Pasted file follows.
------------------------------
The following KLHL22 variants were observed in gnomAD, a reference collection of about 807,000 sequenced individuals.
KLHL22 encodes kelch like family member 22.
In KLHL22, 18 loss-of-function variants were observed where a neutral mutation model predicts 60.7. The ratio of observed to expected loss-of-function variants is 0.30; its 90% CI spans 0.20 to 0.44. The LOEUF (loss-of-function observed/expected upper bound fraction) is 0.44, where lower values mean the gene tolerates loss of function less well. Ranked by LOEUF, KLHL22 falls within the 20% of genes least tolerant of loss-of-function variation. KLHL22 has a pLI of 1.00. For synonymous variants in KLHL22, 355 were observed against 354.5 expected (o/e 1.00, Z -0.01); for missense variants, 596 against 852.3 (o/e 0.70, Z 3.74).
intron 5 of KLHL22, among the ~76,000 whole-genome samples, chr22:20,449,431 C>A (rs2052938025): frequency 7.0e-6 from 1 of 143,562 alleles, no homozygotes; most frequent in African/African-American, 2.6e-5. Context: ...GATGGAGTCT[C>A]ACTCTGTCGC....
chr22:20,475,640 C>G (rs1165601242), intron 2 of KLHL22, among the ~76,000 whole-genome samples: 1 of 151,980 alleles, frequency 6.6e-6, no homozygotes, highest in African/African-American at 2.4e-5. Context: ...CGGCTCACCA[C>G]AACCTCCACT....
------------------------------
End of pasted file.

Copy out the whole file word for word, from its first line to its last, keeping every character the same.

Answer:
The following KLHL22 variants were observed in gnomAD, a reference collection of about 807,000 sequenced individuals.
KLHL22 encodes kelch like family member 22.
In KLHL22, 18 loss-of-function variants were observed where a neutral mutation model predicts 60.7. The ratio of observed to expected loss-of-function variants is 0.30; its 90% CI spans 0.20 to 0.44. The LOEUF (loss-of-function observed/expected upper bound fraction) is 0.44, where lower values mean the gene tolerates loss of function less well. Ranked by LOEUF, KLHL22 falls within the 20% of genes least tolerant of loss-of-function variation. KLHL22 has a pLI of 1.00. For synonymous variants in KLHL22, 355 were observed against 354.5 expected (o/e 1.00, Z -0.01); for missense variants, 596 against 852.3 (o/e 0.70, Z 3.74).
intron 5 of KLHL22, among the ~76,000 whole-genome samples, chr22:20,449,431 C>A (rs2052938025): frequency 7.0e-6 from 1 of 143,562 alleles, no homozygotes; most frequent in African/African-American, 2.6e-5. Context: ...GATGGAGTCT[C>A]ACTCTGTCGC....
chr22:20,475,640 C>G (rs1165601242), intron 2 of KLHL22, among the ~76,000 whole-genome samples: 1 of 151,980 alleles, frequency 6.6e-6, no homozygotes, highest in African/African-American at 2.4e-5. Context: ...CGGCTCACCA[C>G]AACCTCCACT....